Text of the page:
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Panicle blight a thorn in the side of harvesting rice growers

Bacterial panicle blight’s effects showing at rice harvest. Early fall severe weather kept some out of fields, damage being assessed Monday.

The field-size crew cuts in the Arkansas Delta mean the rice harvest is moving along but growers are seeing the shadow of this summer’s high heat show up in yields.

In Arkansas County, “we are 70 percent harvested on rice, but this past week was very slow due to spotty rain showers and cloudy days,” said Brent Griffin, Arkansas County Extension staff chair. “Rice yields continue to drop due bacterial panicle blight and quality – milling yields – continues to drop.”

Bacterial panicle blight thrives in high nighttime temperatures, infecting the flowering parts of the plant and aborting kernel formation, known as “blanking.”

Yield reduction in his county so far isn’t as drastic as last year, but “still 40 to 60 bushels off from normal and we are hoping for improvement on later plantings,” Griffin said.

Corn harvest was nearing completion statewide and all of the University of Arkansas Division of Agriculture verification plots have been harvested. Kevin Lawson, Extension verification coordinator for corn and sorghum, said that, as expected, “the yields on the cornfields had a wide range. The cornfields ranged from 227.4 to 132.9 bushels per acre. 

“The majority of the problems, or lack of problems, was caused by the weather. In southeast Arkansas, the weather cooperated fully, and the yields are showing it.

“In northeast Arkansas bad weather occurred when corn was setting yield hit some fields hard. Some fields were destroyed by straightline winds from several storms that passed through the area all year long. The (Arkansas) River Valley suffered the heavy drought and some bad winds also.”

Cotton harvest is starting to get off the ground, said Blake McClelland, Extension verification coordinator for cotton. “A lot of cotton in northeastern Arkansas is still in the field. Most of acres have been defoliated for the first time and I assume the rest will be defoliated this week when the ground dries up.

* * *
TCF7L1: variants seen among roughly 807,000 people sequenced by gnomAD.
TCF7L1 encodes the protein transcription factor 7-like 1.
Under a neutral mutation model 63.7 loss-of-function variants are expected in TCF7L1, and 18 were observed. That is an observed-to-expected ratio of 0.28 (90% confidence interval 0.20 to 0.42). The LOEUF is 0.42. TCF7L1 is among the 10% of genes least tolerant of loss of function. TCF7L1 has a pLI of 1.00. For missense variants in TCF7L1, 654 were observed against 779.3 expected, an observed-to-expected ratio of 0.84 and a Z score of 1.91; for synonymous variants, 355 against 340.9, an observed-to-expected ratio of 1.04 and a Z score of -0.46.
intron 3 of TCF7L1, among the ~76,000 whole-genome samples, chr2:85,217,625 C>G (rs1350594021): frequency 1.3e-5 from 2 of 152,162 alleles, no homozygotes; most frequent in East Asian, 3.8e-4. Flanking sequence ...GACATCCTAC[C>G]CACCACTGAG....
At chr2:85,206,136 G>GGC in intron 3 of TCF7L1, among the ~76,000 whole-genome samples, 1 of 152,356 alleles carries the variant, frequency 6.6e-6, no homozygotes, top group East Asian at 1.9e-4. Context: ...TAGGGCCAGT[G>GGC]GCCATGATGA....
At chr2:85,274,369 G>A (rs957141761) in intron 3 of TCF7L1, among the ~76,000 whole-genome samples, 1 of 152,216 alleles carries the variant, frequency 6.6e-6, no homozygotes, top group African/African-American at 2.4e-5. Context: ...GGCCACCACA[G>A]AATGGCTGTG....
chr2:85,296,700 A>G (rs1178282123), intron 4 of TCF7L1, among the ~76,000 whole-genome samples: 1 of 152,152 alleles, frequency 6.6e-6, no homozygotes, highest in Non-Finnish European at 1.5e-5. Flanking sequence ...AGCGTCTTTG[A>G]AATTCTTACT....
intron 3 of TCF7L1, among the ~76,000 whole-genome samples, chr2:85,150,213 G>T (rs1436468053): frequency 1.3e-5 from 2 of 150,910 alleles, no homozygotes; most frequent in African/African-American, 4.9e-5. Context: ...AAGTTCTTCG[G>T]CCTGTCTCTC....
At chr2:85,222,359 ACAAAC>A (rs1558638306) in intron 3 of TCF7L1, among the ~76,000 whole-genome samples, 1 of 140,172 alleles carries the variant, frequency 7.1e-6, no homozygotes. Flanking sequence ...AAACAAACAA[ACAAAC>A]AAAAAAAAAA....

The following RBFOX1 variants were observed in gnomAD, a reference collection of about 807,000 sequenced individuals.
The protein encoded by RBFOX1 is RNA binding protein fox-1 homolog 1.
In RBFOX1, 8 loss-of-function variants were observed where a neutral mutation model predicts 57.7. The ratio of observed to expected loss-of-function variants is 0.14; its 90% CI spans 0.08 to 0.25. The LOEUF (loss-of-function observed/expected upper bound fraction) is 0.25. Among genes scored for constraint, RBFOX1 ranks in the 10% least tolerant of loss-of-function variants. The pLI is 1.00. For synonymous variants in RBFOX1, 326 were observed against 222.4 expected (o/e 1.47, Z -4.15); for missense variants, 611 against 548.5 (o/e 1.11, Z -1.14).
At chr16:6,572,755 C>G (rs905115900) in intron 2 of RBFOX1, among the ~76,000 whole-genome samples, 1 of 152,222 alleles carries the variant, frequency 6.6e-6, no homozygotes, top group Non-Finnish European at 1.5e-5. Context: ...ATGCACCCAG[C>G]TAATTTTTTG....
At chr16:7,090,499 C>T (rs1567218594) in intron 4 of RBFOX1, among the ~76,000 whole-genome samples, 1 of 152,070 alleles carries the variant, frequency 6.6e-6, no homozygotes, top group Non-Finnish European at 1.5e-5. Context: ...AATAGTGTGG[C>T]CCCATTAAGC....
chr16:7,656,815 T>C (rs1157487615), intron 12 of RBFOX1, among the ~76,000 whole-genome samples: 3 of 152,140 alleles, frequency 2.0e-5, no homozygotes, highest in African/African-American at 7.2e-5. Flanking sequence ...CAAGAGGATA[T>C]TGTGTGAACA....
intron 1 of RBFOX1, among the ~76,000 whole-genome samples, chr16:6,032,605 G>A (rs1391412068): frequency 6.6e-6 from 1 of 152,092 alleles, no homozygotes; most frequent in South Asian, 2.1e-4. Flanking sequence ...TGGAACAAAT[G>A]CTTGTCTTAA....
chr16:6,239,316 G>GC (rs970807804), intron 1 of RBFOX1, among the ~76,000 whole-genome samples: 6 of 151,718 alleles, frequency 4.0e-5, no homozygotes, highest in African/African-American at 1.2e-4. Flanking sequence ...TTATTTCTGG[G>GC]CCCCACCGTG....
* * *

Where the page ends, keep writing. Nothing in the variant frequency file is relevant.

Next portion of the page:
“There have been a few dryland fields picked in extreme northeast Arkansas, mainly Mississippi County. All of the cotton verification fields except the double crop field in Lee County have received the first defoliation shot and a couple of fields received the second last week.”

Severe thunderstorms that developed late Sunday afternoon brought heavy rain to parts of Arkansas, spawning high winds and baseball- and golf ball-sized hail, including some that broke the windshield of a storm spotter’s car in Arkansas County. The National Weather Service was investigating a possible tornado in southeastern Arkansas.

The severe cells that moved across northeastern Arkansas, dropped a “small amount of cotton on the ground,” said Scott Stiles, Extension economist based at Jonesboro. “Growers will appreciate a week of sun and (temperatures in the) 80s. Too bad they have to spend some of this week watching and waiting for things to dry out.”

In Lonoke County, “We had just enough rain to stop harvest yesterday afternoon,” said Keith Perkins, Lonoke County Extension agent, on Monday. “Farmers will be back in field as soon as dew is off.”

Perkins said harvest time is also the time crop growers use to reflect “about why certain fields or parts of fields did not yield as expected. That’s what makes American agriculture the best in the world -- learning from the past and planning for the future.”

The latest crop progress report from the National Agricultural Statistics Service was to be issued Monday afternoon.

For more information about crop production contact your county Extension office or visit or

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